Creating & Maintaining Thriving Employee Communities

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It was Darwin who recognized that humans travel in groups to maximize their chances of survival. However, the UCLA neuroscientist, Professor Matthew Lieberman, further excavated in his book that the human brain has evolved to value social connections as a reward in itself, and even more so, as a motivational catalyst. This means that motivating and rewarding employees with employee resource groups can be a worthwhile strategy.

Many employer branding strategies leverage the benefits of employee resource groups (ERGs) as they are well felt by the employees as they are by the employers. ERGs facilitate social collaboration of colleagues and employees of all ranks and departments, under one idea, cause, affinity, affiliation, or struggles. The more groups available to as many people as possible, the more employees will find their way by connecting with their peers and finding their exact niche. 

 Employee communities vary greatly between companies in terms of types and nature, promoting friendships and offering opportunities for leadership development. By participating in community activities, the members feel a greater sense of belonging to the organization as well as its goals, while they find themselves progressively motivated as a result of the community based intrinsic rewards, identified by Lieberman. 

 It all started as a result of the 1964 race riots in Rochester, New York, Joseph Wilson, the CEO of Xerox Corporation, created the first employee resource group. Ever since then, many more ERGs have sprouted with their own missions and goals, but the employee brand ambassador community is by far the most prominent in recent years.

Your reputation rests in the hands of your employees

Communities within an organization can have a great impact on the company, the field, and the industry.  Therefore, corporate communications relating all the activities and functions are essential. By creating an ambassador program, the company increases its awareness while positioning itself as a coveted employer, while the ambassadors receive exposure, internal and external recognition, and a forum to express themselves while improving their communication skills. Making your employees (your most important asset) your brand ambassadors to clearly communicate your vision both internally and externally, you will be able to embrace transparency, better understand your team, and appreciate them as a result. Furthermore, people tend to trust other people over other brand and corporate communications thereby leaving your reputation to rest in their hands.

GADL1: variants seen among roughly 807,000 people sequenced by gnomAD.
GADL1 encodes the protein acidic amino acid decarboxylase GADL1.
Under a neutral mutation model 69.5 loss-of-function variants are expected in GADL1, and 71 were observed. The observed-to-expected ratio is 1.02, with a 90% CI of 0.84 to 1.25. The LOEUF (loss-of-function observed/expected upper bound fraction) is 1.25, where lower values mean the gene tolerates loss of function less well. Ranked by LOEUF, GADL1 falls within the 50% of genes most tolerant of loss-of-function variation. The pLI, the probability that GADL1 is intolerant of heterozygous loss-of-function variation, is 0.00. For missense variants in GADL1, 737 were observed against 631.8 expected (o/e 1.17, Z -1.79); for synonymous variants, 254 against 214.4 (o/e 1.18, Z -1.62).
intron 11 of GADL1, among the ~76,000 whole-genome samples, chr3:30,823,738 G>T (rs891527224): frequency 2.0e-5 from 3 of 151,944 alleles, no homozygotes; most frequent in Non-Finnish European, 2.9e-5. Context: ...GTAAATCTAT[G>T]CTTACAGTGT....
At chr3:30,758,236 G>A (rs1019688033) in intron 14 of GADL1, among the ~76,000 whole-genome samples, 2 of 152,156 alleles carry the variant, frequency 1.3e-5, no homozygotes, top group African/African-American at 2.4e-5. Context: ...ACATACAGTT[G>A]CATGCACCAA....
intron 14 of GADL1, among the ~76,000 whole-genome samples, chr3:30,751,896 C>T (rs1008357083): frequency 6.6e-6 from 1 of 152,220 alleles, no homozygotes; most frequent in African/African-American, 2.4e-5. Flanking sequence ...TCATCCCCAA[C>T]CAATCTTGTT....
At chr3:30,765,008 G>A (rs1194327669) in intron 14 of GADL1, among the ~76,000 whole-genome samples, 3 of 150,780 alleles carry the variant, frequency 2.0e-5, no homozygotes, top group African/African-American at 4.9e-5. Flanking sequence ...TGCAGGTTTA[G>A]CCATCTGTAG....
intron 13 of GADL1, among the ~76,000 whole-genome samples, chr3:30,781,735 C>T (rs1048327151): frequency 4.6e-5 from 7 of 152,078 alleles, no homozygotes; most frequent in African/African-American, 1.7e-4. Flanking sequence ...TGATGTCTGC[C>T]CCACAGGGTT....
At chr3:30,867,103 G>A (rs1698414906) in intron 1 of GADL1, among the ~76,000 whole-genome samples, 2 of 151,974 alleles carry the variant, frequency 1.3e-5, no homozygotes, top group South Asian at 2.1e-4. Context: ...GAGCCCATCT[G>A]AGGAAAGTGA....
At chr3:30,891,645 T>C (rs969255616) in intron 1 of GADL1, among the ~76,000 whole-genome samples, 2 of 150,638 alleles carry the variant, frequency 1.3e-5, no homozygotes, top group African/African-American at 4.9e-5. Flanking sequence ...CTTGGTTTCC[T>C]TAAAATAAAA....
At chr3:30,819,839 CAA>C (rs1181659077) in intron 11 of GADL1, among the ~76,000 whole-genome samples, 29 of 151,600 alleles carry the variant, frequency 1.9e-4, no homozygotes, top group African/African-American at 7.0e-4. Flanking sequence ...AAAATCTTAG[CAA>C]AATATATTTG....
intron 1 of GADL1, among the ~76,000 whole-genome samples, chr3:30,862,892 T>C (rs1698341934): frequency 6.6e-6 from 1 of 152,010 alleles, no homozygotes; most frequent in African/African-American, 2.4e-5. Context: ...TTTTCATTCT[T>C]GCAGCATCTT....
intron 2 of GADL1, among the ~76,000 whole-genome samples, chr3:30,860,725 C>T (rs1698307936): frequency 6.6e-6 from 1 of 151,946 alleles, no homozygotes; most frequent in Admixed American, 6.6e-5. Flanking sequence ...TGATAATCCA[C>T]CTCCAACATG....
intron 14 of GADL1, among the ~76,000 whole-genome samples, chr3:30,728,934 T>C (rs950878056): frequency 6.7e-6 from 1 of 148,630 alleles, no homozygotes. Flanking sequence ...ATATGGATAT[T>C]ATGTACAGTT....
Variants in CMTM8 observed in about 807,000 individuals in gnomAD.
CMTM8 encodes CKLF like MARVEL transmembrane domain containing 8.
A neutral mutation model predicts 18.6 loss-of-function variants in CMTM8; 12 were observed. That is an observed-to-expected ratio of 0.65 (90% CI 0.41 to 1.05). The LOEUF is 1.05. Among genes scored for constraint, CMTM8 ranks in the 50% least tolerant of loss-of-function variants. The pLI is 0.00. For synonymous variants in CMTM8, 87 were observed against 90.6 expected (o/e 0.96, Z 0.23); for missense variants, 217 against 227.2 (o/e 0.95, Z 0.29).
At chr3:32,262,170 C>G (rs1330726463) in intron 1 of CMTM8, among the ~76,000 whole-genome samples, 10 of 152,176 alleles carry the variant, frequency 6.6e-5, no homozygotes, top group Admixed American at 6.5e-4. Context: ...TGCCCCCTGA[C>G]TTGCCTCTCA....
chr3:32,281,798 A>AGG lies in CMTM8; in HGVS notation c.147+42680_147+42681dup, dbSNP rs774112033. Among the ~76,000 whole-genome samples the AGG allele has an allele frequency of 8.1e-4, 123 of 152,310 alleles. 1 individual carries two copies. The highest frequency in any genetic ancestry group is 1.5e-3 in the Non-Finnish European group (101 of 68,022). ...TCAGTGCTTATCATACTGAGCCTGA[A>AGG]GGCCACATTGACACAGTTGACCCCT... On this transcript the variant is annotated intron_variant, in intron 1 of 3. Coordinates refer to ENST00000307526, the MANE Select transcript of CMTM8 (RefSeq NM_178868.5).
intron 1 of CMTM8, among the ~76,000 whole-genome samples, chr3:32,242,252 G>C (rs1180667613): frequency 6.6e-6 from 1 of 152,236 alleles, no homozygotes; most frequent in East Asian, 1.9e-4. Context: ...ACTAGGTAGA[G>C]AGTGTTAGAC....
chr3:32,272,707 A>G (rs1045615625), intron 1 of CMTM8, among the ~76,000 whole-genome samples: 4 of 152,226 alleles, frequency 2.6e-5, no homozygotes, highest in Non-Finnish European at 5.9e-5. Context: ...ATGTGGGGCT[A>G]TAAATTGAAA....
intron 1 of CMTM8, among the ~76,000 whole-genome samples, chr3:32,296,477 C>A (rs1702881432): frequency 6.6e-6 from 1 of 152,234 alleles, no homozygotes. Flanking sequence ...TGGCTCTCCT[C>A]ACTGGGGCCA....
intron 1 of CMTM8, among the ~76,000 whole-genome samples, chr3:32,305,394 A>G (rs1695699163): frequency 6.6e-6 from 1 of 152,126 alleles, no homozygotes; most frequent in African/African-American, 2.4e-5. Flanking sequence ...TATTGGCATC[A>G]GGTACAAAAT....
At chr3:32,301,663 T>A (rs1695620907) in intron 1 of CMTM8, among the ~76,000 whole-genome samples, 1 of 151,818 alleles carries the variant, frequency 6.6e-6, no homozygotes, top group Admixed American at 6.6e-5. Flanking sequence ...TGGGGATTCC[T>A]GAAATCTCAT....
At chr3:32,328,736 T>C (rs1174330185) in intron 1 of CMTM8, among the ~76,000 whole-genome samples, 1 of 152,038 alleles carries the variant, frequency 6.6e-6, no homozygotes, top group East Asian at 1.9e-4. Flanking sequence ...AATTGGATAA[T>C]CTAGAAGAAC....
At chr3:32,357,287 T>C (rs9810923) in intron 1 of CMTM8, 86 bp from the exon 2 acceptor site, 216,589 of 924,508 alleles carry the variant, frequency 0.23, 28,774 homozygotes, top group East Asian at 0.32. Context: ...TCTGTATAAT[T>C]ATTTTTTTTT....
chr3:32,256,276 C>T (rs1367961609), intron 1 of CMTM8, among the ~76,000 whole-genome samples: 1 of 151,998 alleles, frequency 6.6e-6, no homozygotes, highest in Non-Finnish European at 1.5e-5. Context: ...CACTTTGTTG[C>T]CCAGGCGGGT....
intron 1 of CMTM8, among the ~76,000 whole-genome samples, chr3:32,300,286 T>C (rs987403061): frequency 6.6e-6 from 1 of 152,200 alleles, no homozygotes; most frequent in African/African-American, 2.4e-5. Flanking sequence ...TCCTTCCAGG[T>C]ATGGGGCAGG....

Creating an ambassador program is not enough. For a successful ambassador program, your company must live up to the image it wants to portray, and the ambassador program itself must be planned effectively by utilizing the ambassadors’ strengths and offering them tools and support throughout the program. 

Telling an organization’s story is a process. First the ambassador group needs to function as a community. That means developing a strong network with shared learning embedded with workshops in writing (& storytelling), personal branding, photography, etc. Bringing in a community director is essential because they are able to offer collective and personal consulting and support while monitoring the communication channels and directing the community towards its goals. 

Taking it all in (and then out, no doubt)

Well-done employee resource groups have been proven to be far more effective than perks, splurges, or promises and actually benefit the employees and the organization immensely. Yet, if done wrong, it could turn out to be a total disaster for all. Aside from proper planning and effective management, it is vital to remember that there is no magic solution, real change must come from the top down, and employee appreciation is vital as they invest their time and efforts beyond their work. It is imperative to listen to their needs and wants as well as to give them a proper voice.


Watch our short webinar (only 30 minutes, because we know your time is valuable) to learn more about organizational communities.

Using a CyberArk use case, the webinar illustrates how an ambassador community represents the organization in a powerful, effective, and authentic manner.


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